The rest of this article is only available to active members of Questia

Sign up now for a free, 1-day trial and receive full access to:

  • Questia's entire collection
  • Automatic bibliography creation
  • More helpful research tools like notes, citations, and highlights
  • Ad-free environment

Already a member? Log in now.

Notes for this article

Add a new note
If you are trying to select text to create highlights or citations, remember that you must now click or tap on the first word, and then click or tap on the last word.
One moment ...
Default project is now your active project.
Project items

Items saved from this article

This article has been saved
Highlights (0)
Some of your highlights are legacy items.

Highlights saved before July 30, 2012 will not be displayed on their respective source pages.

You can easily re-create the highlights by opening the book page or article, selecting the text, and clicking “Highlight.”

Citations (0)
Some of your citations are legacy items.

Any citation created before July 30, 2012 will labeled as a “Cited page.” New citations will be saved as cited passages, pages or articles.

We also added the ability to view new citations from your projects or the book or article where you created them.

Notes (0)
Bookmarks (0)

You have no saved items from this article

Project items include:
  • Saved book/article
  • Highlights
  • Quotes/citations
  • Notes
  • Bookmarks
Notes
Cite this article

Cited article

Style
Citations are available only to our active members.
Sign up now to cite pages or passages in MLA, APA and Chicago citation styles.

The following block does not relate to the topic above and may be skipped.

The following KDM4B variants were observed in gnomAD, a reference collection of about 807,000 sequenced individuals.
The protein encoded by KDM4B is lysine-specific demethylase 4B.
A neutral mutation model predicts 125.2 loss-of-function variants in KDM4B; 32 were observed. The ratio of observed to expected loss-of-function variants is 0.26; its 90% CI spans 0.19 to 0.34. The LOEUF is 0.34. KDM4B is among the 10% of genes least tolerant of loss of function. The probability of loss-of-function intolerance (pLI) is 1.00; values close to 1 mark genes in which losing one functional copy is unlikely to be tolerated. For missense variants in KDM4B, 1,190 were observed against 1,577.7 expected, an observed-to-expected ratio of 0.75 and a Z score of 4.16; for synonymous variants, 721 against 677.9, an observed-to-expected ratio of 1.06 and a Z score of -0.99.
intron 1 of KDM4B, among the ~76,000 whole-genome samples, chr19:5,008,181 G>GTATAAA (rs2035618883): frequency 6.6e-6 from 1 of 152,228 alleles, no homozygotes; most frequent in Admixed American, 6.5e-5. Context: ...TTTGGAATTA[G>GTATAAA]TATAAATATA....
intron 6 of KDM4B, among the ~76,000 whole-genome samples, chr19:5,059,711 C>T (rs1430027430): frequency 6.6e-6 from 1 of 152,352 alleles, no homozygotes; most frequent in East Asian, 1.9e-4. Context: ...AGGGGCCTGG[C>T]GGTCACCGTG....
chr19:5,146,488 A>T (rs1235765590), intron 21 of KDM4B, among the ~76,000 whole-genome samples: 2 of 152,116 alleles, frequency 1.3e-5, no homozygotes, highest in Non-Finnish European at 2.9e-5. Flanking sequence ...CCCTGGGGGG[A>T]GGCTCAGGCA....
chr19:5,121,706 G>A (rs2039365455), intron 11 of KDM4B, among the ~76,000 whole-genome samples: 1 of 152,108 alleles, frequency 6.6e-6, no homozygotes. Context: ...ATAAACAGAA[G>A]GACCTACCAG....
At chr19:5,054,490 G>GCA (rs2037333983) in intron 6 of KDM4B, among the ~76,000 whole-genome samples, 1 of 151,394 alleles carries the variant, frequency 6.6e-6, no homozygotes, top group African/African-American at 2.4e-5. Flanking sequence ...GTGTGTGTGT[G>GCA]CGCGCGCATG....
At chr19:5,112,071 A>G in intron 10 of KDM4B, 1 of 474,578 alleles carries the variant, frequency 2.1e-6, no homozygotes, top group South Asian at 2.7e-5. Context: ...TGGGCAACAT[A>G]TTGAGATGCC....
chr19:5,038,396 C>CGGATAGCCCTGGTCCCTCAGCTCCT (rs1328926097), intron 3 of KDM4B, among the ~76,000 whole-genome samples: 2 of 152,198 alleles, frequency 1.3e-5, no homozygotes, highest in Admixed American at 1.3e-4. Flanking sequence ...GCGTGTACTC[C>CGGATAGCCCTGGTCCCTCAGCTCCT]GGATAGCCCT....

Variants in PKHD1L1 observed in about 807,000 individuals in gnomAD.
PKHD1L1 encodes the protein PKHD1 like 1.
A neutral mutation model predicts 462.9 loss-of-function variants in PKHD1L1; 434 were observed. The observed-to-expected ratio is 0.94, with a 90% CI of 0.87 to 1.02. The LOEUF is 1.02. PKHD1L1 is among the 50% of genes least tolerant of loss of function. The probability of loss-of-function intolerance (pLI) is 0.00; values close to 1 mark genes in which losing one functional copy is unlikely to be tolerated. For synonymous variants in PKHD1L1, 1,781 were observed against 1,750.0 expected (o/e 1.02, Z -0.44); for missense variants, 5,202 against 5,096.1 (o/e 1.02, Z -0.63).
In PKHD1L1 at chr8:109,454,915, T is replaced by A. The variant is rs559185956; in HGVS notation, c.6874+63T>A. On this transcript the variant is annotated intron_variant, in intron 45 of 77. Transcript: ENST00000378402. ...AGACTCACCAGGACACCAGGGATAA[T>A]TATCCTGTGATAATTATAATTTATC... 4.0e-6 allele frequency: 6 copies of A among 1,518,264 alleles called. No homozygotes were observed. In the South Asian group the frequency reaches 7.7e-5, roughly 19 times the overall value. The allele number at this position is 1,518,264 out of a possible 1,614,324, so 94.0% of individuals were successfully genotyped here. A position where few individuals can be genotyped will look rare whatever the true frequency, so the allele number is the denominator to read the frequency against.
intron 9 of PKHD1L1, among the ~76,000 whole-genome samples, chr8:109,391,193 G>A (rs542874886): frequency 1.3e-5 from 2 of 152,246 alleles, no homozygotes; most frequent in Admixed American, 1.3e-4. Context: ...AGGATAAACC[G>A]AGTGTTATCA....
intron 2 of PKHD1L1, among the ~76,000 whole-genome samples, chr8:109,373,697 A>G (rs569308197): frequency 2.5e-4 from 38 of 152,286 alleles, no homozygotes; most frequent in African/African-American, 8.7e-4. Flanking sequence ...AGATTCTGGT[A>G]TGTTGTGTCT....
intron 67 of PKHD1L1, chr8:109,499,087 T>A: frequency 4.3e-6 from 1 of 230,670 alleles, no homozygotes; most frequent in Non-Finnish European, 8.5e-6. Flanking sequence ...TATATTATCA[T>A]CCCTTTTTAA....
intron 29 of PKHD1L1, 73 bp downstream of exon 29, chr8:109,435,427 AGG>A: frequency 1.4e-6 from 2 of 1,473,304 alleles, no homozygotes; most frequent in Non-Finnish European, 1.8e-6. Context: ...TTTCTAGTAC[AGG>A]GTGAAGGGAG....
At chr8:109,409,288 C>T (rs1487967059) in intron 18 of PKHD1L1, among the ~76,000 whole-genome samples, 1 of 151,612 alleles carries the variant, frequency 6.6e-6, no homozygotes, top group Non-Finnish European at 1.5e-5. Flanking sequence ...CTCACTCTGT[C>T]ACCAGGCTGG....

(Einhorn, 1992, p. 25)

(Einhorn 25)

1

1. Lois J. Einhorn, Abraham Lincoln, the Orator: Penetrating the Lincoln Legend (Westport, CT: Greenwood Press, 1992), 25, http://www.questia.com/read/27419298.

Cited article

Child Abuse and the Church: A Call for Prevention, Treatment, and Training
Settings

Settings

Typeface
Text size Smaller Larger Reset View mode
Search within

Search within this article

Look up

Look up a word

  • Dictionary
  • Thesaurus
Please submit a word or phrase above.
Print this page

Print this page

Why can't I print more than one page at a time?

Full screen

matching results for page

Cited passage

Style
Citations are available only to our active members.
Sign up now to cite pages or passages in MLA, APA and Chicago citation styles.

"Portraying himself as an honest, ordinary person helped Lincoln identify with his audiences." (Einhorn, 1992, p. 25).

"Portraying himself as an honest, ordinary person helped Lincoln identify with his audiences." (Einhorn 25)

"Portraying himself as an honest, ordinary person helped Lincoln identify with his audiences."1

1. Lois J. Einhorn, Abraham Lincoln, the Orator: Penetrating the Lincoln Legend (Westport, CT: Greenwood Press, 1992), 25, http://www.questia.com/read/27419298.

Cited passage

Welcome to the new Questia Reader

The Questia Reader has been updated to provide you with an even better online reading experience.  It is now 100% Responsive, which means you can read our books and articles on any sized device you wish.  All of your favorite tools like notes, highlights, and citations are still here, but the way you select text has been updated to be easier to use, especially on touchscreen devices.  Here's how:

1. Click or tap the first word you want to select.
2. Click or tap the last word you want to select.

OK, got it!

Thanks for trying Questia!

Please continue trying out our research tools, but please note, full functionality is available only to our active members.

Your work will be lost once you leave this Web page.

For full access in an ad-free environment, sign up now for a FREE, 1-day trial.

Already a member? Log in now.